Natosha Ripley, the final presenter, discussed her research with the Marine Debris Project through DMWR. Natosha explained that marine debris can come from many places such as ships, overturned trash cans, or from people who litter. Regardless of where it comes from, it all ends up in the ocean and harms our wildlife – all too often killing marine animals. Natosha implored the audience to join the Marine Debris Program and form a “trash free territory” group that pledges to keep their village clean.

The Student Science Symposium concluded with showing of a video that models what the predicted sea level rise will look like in Amouli, and shows much of the road by the village being flooded by 2090 with much of the village being underwater not long after. This video was shown as an example of how this type of tool can be used to help people visualize the impacts of climate change to their homes. It is the hope of the ASCC Marine Science Program that exposing students to research at an early stage will enable them to better deal with the realities of climate change in their future.



Click for big version.


ENDS

© Scoop Media

 
 
 
 
 
Business Headlines | Sci-Tech Headlines

 

Company Results: Air NZ Rides The Tourism Boom With Record Full-Year Earnings

Air New Zealand has ridden the tourism boom and staved off increased competition to deliver the best full-year earnings in its 76-year history. More>>

ALSO:

New PGP: Sheep Milk Industry Gets $12.6M Crown Funding

The Sheep - Horizon Three programme aims to develop "a market driven, end-to-end value chain generating annual revenues of between $200 million and $700 million by 2030," according to a joint statement. More>>

ALSO:

Half Full: Fonterra Raises Forecast Milk Price

Fonterra Co-operative Group Limited today increased its 2016/17 forecast Farmgate Milk Price by 50 cents to $4.75 per kgMS. When combined with the forecast earnings per share range for the 2017 financial year of 50 to 60 cents, the total payout available to farmers in the current season is forecast to be $5.25 to $5.35 before retentions. More>>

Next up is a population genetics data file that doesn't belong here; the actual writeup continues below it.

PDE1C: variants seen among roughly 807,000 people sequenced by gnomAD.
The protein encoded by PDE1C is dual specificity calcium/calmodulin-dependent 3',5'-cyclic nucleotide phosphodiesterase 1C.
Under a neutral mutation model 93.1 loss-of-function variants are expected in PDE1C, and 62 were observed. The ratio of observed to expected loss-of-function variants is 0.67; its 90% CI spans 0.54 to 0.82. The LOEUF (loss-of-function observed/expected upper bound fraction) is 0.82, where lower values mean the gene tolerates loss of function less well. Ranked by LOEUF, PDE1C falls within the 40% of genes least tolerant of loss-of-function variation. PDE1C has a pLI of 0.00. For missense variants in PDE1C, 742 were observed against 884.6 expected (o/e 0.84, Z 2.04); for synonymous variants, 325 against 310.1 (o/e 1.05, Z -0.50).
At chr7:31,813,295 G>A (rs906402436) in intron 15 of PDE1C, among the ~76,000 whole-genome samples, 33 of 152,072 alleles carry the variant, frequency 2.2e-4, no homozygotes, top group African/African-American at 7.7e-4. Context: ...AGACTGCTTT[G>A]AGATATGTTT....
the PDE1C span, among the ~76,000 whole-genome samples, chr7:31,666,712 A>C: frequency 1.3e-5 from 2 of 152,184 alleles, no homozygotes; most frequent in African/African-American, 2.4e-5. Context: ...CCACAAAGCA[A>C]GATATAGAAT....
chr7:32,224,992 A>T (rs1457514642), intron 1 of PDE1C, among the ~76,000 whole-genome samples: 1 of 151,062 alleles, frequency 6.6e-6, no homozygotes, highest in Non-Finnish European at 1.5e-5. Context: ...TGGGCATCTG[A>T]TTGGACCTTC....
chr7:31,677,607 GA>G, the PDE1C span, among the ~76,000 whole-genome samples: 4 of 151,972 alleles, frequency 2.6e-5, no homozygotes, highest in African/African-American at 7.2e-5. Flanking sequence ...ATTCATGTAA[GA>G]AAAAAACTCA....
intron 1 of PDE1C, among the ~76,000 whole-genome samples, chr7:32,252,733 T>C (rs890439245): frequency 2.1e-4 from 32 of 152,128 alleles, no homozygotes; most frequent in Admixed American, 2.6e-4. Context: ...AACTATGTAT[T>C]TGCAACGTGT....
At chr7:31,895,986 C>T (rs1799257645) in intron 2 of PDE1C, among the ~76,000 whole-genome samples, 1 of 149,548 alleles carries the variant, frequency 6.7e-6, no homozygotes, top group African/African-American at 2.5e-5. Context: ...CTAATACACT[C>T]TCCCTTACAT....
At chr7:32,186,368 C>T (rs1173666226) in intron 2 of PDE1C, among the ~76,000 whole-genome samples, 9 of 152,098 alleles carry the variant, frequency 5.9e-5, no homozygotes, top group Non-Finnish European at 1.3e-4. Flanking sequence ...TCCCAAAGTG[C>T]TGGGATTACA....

ALSO:

Keep Digging: Seabed Ironsands Miner TransTasman Tries Again

The first company to attempt to gain a resource consent to mine ironsands from the ocean floor in New Zealand's Exclusive Economic Zone has lodged a new application containing fresh scientific and other evidence it hopes will persuade regulators after their initial application was turned down in 2014. More>>

Wool Pulled: Duvets Sold As ‘Premium Alpaca’ Mostly Sheep’s Wool

Rotorua business Budge Collection Limited (Budge) and sole director, Sun Dong Kim, were convicted and fined a total of $71,250 in Auckland District Court after each pleading guilty to four charges of misrepresenting how much alpaca fibre was in their duvets. More>>

Reserve Bank: Labour Calls For Monetary Policy To Expand Goals

Labour's comments follow a speech today by RBNZ governor Graeme Wheeler in which Wheeler sought to answer critics who variously say he should stop lowering interest rates, lower them faster, or that inflation-targeting should no longer be the primary goal of the central bank's activities. More>>

ALSO:

BSA Extension And Sunday Morning Ads: Digital Convergence Bill Captures Online Content

Broadcasting Minister Amy Adams has today announced the Government’s plans to update the Broadcasting Act to better reflect today’s converged market... The Government considered four areas as part of its review into content regulation: classification requirements, advertising restrictions, election programming and contestable funding. More>>

ALSO:

Get More From Scoop

 
 
 
 
 
 
 
 
 
Sci-Tech
Search Scoop  
 
 
Powered by Vodafone
NZ independent news